Can anyone in your organization be described as precocious?
You are about to lose them.
You might not know it. The precocious one might not be aware of it. Yet, the clock is ticking on their time with you.
Three years is the maximum time you can hold them.
Year One: They get acquainted with their role, mapping out what will make them spectacular, doing the work better than anyone who proceeded them.
Year Two: They get spectacular and do the work better than anyone who proceeded them.
Year Three: They chafe over the constrictions of their role even as they perform better than the year before.
Many executives experience precociousness as impertinence or encroachment on their role. Other executives are tuned in to the development of others and will see this as a usual outcome of learning and vocational growth. But, by the time even these tuned-in executives recognize it, it may be too late. They notice the chafing and then respond, rather than feeding the growth in this precocious person all along as they outpace everyone else. Precocious persons were already seeing those limitations as year two became a third. Whether they could articulate it immediately or not, their speedy aptitude already opened them to new opportunities.
So - observing this often - I'd like to think Third Turn, Maestro-level leaders are in a great position to make good use of choices 2 or 3 in what follows:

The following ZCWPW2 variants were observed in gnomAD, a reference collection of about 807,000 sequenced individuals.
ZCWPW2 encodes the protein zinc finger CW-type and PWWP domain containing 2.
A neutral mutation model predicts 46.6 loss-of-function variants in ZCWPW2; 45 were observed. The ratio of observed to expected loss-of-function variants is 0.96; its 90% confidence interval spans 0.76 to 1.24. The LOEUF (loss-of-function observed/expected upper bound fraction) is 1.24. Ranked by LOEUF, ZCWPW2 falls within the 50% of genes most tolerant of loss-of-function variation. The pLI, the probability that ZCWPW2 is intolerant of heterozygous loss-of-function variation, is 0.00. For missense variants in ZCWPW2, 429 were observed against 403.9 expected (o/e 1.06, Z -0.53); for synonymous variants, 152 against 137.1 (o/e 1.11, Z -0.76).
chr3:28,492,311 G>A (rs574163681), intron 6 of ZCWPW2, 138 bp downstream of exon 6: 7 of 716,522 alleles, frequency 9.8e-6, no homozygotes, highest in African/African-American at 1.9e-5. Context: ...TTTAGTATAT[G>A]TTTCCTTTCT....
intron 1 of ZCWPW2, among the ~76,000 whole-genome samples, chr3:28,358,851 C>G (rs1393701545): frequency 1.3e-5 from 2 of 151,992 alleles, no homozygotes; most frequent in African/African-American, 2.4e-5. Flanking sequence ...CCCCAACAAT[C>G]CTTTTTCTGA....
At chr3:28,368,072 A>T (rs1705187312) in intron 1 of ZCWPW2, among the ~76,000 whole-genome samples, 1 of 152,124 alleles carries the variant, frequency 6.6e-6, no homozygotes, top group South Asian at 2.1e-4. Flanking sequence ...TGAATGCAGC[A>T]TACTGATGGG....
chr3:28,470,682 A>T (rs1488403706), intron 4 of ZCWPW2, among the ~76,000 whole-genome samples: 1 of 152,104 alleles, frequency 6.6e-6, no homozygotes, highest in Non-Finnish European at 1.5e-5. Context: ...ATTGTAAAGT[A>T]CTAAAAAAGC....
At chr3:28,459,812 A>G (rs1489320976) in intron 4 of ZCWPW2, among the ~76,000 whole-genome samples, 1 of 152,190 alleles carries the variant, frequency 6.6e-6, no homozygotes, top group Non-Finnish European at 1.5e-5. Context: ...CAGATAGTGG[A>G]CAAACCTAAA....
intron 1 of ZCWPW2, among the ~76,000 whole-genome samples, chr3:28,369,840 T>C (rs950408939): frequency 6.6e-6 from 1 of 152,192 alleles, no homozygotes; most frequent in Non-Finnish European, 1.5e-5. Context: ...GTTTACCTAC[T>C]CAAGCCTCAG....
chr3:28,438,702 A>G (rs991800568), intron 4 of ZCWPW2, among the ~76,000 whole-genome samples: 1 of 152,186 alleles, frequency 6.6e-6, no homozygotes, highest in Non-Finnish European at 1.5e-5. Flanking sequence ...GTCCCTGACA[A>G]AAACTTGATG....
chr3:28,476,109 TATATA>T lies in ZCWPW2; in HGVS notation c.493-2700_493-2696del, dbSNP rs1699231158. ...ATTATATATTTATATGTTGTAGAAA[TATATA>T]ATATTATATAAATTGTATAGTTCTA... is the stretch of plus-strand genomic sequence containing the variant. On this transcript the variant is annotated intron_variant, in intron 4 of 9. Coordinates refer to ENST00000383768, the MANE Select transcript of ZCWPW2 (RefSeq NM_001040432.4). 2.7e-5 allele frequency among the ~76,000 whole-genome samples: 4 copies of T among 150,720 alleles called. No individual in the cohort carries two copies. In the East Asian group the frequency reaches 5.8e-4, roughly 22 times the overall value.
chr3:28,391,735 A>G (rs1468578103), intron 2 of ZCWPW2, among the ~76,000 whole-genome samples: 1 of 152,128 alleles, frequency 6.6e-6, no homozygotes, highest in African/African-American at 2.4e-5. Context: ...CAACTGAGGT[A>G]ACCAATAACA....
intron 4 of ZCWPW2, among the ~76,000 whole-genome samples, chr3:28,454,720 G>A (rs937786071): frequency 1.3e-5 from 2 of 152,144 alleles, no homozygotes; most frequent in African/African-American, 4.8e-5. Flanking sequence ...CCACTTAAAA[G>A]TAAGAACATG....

Choice 1: Ignore precociousness and expect a higher level of churn among your most talented employees. You might also not want to hire people with signs of precociousness since you do not intend to develop them.
Choice 2: Pursue and develop precocious talent. Annual and mutually put together learning plans with future roles and challenges in mind is a proactive and healthy approach. You expect them to be in a new role every three years. This is how you hold onto them!
Choice 3: Be realistic. Even if you meet your talent early in their next stage of development, you won't be able to hold onto them all. It is better to bless them and ease their transition than curse them when they move on. By blessing other organizations with the talent you've helped to develop, you are expanding and strengthening your ecosystem while making it possible to hire them back for even more significant challenges or roles when there is availability.
Precocious people bring excellence to current tasks while fueling innovation. They are hard to come by and even harder to hold onto unless our commitment to grow people through their Three Turns is part of our value set for developing executive leaders.
Learn more about Maestro-level leaders at www.maestrolevelleaders.com